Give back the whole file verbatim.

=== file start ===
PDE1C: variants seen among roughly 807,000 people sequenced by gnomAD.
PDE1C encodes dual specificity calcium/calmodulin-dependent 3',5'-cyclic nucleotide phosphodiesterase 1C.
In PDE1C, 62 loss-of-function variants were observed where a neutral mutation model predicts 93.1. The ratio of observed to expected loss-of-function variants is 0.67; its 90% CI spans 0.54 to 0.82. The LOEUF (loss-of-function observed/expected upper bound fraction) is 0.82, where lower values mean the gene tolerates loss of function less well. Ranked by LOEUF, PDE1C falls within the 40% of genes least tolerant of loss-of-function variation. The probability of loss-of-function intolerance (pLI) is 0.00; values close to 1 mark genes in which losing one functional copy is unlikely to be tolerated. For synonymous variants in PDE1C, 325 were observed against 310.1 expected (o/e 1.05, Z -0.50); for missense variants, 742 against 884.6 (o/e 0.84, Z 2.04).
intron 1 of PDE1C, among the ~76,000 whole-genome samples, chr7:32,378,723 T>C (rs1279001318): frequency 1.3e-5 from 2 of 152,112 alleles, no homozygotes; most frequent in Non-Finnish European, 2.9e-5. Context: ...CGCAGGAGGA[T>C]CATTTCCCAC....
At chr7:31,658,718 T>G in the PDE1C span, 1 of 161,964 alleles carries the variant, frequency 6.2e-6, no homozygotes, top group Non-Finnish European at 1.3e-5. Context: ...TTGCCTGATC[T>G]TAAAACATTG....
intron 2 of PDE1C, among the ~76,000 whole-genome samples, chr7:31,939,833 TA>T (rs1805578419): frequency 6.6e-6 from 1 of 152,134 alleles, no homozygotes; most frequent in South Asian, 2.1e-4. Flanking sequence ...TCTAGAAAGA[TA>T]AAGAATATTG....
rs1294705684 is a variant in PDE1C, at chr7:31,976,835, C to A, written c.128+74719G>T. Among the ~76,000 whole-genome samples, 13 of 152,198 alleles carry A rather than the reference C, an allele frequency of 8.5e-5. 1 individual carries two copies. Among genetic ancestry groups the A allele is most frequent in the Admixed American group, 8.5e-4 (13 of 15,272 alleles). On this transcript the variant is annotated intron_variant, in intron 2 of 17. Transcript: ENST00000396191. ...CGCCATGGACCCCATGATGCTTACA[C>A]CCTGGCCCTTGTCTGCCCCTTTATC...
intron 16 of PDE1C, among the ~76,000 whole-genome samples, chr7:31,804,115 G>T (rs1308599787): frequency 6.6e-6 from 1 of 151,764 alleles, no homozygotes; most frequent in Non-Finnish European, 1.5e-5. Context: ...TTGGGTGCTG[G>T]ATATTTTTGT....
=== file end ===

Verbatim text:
PDE1C: variants seen among roughly 807,000 people sequenced by gnomAD.
PDE1C encodes dual specificity calcium/calmodulin-dependent 3',5'-cyclic nucleotide phosphodiesterase 1C.
In PDE1C, 62 loss-of-function variants were observed where a neutral mutation model predicts 93.1. The ratio of observed to expected loss-of-function variants is 0.67; its 90% CI spans 0.54 to 0.82. The LOEUF (loss-of-function observed/expected upper bound fraction) is 0.82, where lower values mean the gene tolerates loss of function less well. Ranked by LOEUF, PDE1C falls within the 40% of genes least tolerant of loss-of-function variation. The probability of loss-of-function intolerance (pLI) is 0.00; values close to 1 mark genes in which losing one functional copy is unlikely to be tolerated. For synonymous variants in PDE1C, 325 were observed against 310.1 expected (o/e 1.05, Z -0.50); for missense variants, 742 against 884.6 (o/e 0.84, Z 2.04).
intron 1 of PDE1C, among the ~76,000 whole-genome samples, chr7:32,378,723 T>C (rs1279001318): frequency 1.3e-5 from 2 of 152,112 alleles, no homozygotes; most frequent in Non-Finnish European, 2.9e-5. Context: ...CGCAGGAGGA[T>C]CATTTCCCAC....
At chr7:31,658,718 T>G in the PDE1C span, 1 of 161,964 alleles carries the variant, frequency 6.2e-6, no homozygotes, top group Non-Finnish European at 1.3e-5. Context: ...TTGCCTGATC[T>G]TAAAACATTG....
intron 2 of PDE1C, among the ~76,000 whole-genome samples, chr7:31,939,833 TA>T (rs1805578419): frequency 6.6e-6 from 1 of 152,134 alleles, no homozygotes; most frequent in South Asian, 2.1e-4. Flanking sequence ...TCTAGAAAGA[TA>T]AAGAATATTG....
rs1294705684 is a variant in PDE1C, at chr7:31,976,835, C to A, written c.128+74719G>T. Among the ~76,000 whole-genome samples, 13 of 152,198 alleles carry A rather than the reference C, an allele frequency of 8.5e-5. 1 individual carries two copies. Among genetic ancestry groups the A allele is most frequent in the Admixed American group, 8.5e-4 (13 of 15,272 alleles). On this transcript the variant is annotated intron_variant, in intron 2 of 17. Transcript: ENST00000396191. ...CGCCATGGACCCCATGATGCTTACA[C>A]CCTGGCCCTTGTCTGCCCCTTTATC...
intron 16 of PDE1C, among the ~76,000 whole-genome samples, chr7:31,804,115 G>T (rs1308599787): frequency 6.6e-6 from 1 of 151,764 alleles, no homozygotes; most frequent in Non-Finnish European, 1.5e-5. Context: ...TTGGGTGCTG[G>T]ATATTTTTGT....